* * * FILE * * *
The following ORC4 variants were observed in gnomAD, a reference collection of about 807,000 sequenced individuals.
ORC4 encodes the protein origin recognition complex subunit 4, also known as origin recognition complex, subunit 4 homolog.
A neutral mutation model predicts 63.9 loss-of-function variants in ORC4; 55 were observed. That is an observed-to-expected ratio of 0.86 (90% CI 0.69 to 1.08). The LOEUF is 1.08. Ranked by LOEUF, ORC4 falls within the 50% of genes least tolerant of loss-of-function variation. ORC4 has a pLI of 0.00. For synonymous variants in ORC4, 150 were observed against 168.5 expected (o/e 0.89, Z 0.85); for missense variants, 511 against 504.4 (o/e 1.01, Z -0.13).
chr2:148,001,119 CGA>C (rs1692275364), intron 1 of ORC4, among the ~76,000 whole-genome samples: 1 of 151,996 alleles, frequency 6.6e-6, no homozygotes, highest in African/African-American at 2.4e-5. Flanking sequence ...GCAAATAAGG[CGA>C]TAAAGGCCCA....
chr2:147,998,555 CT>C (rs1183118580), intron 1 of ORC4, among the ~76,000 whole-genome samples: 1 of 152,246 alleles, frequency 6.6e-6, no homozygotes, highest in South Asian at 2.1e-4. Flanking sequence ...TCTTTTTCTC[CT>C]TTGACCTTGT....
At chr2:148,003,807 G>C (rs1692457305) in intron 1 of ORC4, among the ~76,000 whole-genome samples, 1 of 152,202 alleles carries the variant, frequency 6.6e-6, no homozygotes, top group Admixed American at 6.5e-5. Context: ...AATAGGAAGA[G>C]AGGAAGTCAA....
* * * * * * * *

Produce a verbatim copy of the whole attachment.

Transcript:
The following ORC4 variants were observed in gnomAD, a reference collection of about 807,000 sequenced individuals.
ORC4 encodes the protein origin recognition complex subunit 4, also known as origin recognition complex, subunit 4 homolog.
A neutral mutation model predicts 63.9 loss-of-function variants in ORC4; 55 were observed. That is an observed-to-expected ratio of 0.86 (90% CI 0.69 to 1.08). The LOEUF is 1.08. Ranked by LOEUF, ORC4 falls within the 50% of genes least tolerant of loss-of-function variation. ORC4 has a pLI of 0.00. For synonymous variants in ORC4, 150 were observed against 168.5 expected (o/e 0.89, Z 0.85); for missense variants, 511 against 504.4 (o/e 1.01, Z -0.13).
chr2:148,001,119 CGA>C (rs1692275364), intron 1 of ORC4, among the ~76,000 whole-genome samples: 1 of 151,996 alleles, frequency 6.6e-6, no homozygotes, highest in African/African-American at 2.4e-5. Flanking sequence ...GCAAATAAGG[CGA>C]TAAAGGCCCA....
chr2:147,998,555 CT>C (rs1183118580), intron 1 of ORC4, among the ~76,000 whole-genome samples: 1 of 152,246 alleles, frequency 6.6e-6, no homozygotes, highest in South Asian at 2.1e-4. Flanking sequence ...TCTTTTTCTC[CT>C]TTGACCTTGT....
At chr2:148,003,807 G>C (rs1692457305) in intron 1 of ORC4, among the ~76,000 whole-genome samples, 1 of 152,202 alleles carries the variant, frequency 6.6e-6, no homozygotes, top group Admixed American at 6.5e-5. Context: ...AATAGGAAGA[G>C]AGGAAGTCAA....